A Sales & Marketing executive and long-time friend, Steve Goubeaux, once gave me a very insightful thought I’d like to share with you today. When I asked him for a quote for something I was writing, he said: “If you don’t go, where you don’t go; you won’t know, what you don’t know.” In other words, look for innovation in the places you never look.
The more I have repeated that bit of insight, the more profound it has become. We are all creatures of habit. So are larger organizations. Doing things the way we’ve always done them is comfortable, familiar and easy. It’s human nature to choose these “easy ways.”
Do you drive to work the same way every day? Probably! Do you read the same publications—or the same type of publications? Sure! How about TV and the Internet? Watching the same group of shows or using the same set of websites is also a common habit. When you do this, what do you get? You get a lot of familiar and comfortable feelings.
But true innovation often doesn’t make us comfortable. It makes us uncomfortable. And yet, it is in that discomfort that the new ways, the new ideas and the new feelings come to light. When you drive to work via a different route, you see different places and sights. If you go to the newsstand and peruse the magazines that you never otherwise look at, you will see things you simply would never think about otherwise.
Thus my title for this piece: Looking for Innovation in the “Wrong Places.” “Wrong places” is obviously a subjective term, but it refers to “wrong” in the context of “out of your comfort zone.” Even if your excursions to new routes, new restaurants, new media sites, etc. makes you uncomfortable, it can give you new perspectives—and those are where new ideas are discovered and innovation is born.
Remember the terms “a burr under the saddle” or a “stone in your shoe.” The principle is the same. These small things that cause irritation or discomfort also lead to action—to alleviate the source of the discomfort. Even for a pearl to form in an oyster, a small grain of sand—an impurity—is required. If the current products have small irritating flaws, that can lead to new, innovative products that address those flaws.
One relatively recent example is a new measuring cup from Pyrex. Pyrex has made measuring cups for decades. They have been largely the same, made of glass to withstand the rigors of hot liquids and more recently with a useful innovation of flexible lids for use in microwave heating. In the past, it has been necessary to raise the cup to eye level or bend over to see if the contents were at the desired level, even with markings read from the outside of the cup.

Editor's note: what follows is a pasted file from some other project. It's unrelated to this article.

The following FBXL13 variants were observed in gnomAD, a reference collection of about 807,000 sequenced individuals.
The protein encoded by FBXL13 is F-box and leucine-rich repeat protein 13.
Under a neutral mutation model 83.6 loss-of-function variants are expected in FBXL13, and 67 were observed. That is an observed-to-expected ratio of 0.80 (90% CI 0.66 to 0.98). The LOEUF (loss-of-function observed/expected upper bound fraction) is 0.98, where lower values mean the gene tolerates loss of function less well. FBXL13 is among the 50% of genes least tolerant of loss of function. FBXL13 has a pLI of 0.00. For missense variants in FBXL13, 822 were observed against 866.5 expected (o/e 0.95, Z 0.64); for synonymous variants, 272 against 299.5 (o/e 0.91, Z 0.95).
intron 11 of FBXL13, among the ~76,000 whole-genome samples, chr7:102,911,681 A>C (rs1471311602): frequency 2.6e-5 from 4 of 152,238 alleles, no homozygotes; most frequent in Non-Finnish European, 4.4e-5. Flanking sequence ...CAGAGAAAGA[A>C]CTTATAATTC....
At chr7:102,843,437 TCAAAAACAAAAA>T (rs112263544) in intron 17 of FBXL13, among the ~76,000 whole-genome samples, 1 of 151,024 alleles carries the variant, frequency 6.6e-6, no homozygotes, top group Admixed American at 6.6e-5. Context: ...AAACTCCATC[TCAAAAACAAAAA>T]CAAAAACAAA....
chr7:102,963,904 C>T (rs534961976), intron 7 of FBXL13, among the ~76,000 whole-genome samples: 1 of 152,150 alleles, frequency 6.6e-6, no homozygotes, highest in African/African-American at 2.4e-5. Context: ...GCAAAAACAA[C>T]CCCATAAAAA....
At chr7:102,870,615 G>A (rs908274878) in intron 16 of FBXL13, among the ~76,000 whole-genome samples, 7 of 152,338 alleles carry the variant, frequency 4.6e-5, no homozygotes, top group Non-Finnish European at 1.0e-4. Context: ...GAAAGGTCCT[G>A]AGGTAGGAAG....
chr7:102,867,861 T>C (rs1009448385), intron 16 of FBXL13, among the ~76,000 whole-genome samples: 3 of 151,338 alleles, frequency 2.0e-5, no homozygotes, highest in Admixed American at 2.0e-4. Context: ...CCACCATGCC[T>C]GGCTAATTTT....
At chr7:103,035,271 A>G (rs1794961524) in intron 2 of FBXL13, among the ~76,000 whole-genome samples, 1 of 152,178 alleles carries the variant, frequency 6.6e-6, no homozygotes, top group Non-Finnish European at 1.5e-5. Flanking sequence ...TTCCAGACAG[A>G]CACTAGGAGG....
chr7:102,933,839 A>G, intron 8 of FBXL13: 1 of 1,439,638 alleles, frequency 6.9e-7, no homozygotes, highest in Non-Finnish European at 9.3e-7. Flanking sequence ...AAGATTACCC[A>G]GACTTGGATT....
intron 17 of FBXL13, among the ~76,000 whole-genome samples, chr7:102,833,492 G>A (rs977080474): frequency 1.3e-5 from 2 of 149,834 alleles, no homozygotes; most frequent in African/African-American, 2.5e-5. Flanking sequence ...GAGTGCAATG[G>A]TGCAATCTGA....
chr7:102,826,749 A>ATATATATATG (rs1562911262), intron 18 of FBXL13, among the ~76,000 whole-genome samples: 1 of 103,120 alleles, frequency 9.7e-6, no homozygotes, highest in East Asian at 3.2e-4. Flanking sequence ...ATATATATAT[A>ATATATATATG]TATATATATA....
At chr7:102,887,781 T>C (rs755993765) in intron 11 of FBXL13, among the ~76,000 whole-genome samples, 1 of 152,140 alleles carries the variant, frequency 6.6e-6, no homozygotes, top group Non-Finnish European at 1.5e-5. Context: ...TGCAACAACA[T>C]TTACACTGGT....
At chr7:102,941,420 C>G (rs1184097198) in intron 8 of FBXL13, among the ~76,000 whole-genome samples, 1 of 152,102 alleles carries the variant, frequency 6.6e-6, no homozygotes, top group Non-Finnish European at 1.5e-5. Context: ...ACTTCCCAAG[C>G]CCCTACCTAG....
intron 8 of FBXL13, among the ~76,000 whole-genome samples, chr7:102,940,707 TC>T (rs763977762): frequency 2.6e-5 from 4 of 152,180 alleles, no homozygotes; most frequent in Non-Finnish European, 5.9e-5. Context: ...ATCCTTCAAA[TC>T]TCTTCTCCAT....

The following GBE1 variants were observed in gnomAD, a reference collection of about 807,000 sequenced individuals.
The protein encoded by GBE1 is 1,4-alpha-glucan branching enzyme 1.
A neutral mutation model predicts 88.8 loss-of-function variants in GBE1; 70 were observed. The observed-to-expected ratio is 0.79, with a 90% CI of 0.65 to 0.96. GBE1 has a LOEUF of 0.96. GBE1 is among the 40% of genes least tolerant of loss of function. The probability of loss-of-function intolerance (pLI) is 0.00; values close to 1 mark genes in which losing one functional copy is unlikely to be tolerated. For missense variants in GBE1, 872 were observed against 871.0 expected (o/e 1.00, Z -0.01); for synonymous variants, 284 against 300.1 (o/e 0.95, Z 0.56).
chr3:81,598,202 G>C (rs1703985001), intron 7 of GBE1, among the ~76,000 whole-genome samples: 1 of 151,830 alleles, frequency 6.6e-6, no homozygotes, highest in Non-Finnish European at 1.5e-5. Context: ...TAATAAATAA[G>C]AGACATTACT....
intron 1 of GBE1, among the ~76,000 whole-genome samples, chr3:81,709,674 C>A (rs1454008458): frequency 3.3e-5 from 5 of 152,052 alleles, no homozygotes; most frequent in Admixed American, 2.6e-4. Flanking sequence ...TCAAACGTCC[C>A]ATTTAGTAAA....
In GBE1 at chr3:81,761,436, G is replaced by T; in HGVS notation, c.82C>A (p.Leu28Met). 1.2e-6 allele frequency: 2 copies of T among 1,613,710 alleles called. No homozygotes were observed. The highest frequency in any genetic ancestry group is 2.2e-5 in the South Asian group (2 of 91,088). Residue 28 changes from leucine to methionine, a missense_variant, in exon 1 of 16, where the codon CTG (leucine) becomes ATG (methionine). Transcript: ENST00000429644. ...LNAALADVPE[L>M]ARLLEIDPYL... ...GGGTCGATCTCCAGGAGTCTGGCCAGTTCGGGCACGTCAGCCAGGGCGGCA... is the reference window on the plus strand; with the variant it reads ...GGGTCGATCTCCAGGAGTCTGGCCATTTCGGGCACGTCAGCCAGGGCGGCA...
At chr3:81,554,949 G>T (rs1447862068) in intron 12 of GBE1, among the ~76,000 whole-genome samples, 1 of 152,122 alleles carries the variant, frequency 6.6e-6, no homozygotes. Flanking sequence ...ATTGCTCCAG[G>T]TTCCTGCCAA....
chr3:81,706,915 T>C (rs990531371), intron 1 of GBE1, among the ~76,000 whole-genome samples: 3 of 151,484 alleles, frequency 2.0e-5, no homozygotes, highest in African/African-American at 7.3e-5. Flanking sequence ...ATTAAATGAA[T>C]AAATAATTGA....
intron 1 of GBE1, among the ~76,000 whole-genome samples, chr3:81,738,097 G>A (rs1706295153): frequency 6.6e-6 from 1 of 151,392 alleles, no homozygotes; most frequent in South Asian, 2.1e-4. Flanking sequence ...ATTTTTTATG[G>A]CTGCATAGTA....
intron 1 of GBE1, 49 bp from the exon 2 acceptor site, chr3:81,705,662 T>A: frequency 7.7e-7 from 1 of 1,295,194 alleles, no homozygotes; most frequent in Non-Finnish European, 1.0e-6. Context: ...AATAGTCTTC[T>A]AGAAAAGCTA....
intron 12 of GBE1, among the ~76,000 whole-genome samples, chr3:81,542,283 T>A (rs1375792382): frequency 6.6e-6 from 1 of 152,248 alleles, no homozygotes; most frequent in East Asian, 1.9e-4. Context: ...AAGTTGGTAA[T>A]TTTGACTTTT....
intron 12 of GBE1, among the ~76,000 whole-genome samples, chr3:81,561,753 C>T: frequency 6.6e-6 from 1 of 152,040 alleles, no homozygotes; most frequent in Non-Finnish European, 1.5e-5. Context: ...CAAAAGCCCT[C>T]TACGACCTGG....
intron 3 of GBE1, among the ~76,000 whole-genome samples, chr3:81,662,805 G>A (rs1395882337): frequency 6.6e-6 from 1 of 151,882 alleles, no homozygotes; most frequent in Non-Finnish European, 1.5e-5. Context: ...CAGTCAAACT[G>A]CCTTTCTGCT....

Now the new Pyrex measuring cups have tapered walls and measuring lines that are visible/readable from the inside. Looking down directly into the cup without the need to raise it or to bend over, allows the user to see the level directly and much more conveniently. Incorporating this simple innovation in a glass measuring cup is an example of looking at things in a different way. (Prior “direct view” measuring cups have been made of plastic and incorporated irregular shapes to accomplish the design. Plastic is a much less desirable material in both heat resistance and microwave use.) The new tapered measuring cups are a result of deciding to change the shape and reading measurements from what has traditionally been the “wrong place”—but from a user standpoint, is clearly the “right place.” The result is a simple innovation that creates a much more useful measuring cup for your kitchen needs.
Next time, drive to work a different way. Go to a different store or restaurant. And read some periodicals or web media you’d normally never read. Watch TV shows you never watch and surf web sites you never visit. After all, you never know what you might discover. And always remember Steve’s words: “If you don’t go, where you don’t go; you won’t know, what you don’t know.”
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John L. Mariotti is President and CEO of The Enterprise Group. He was President of Huffy Bicycles, Group President of Rubbermaid Office Products Group, and now serves as a Director on several corporate boards. He has written eight business books. His electronic newsletter THE ENTERPRISE is published weekly. His website is Mariotti.net.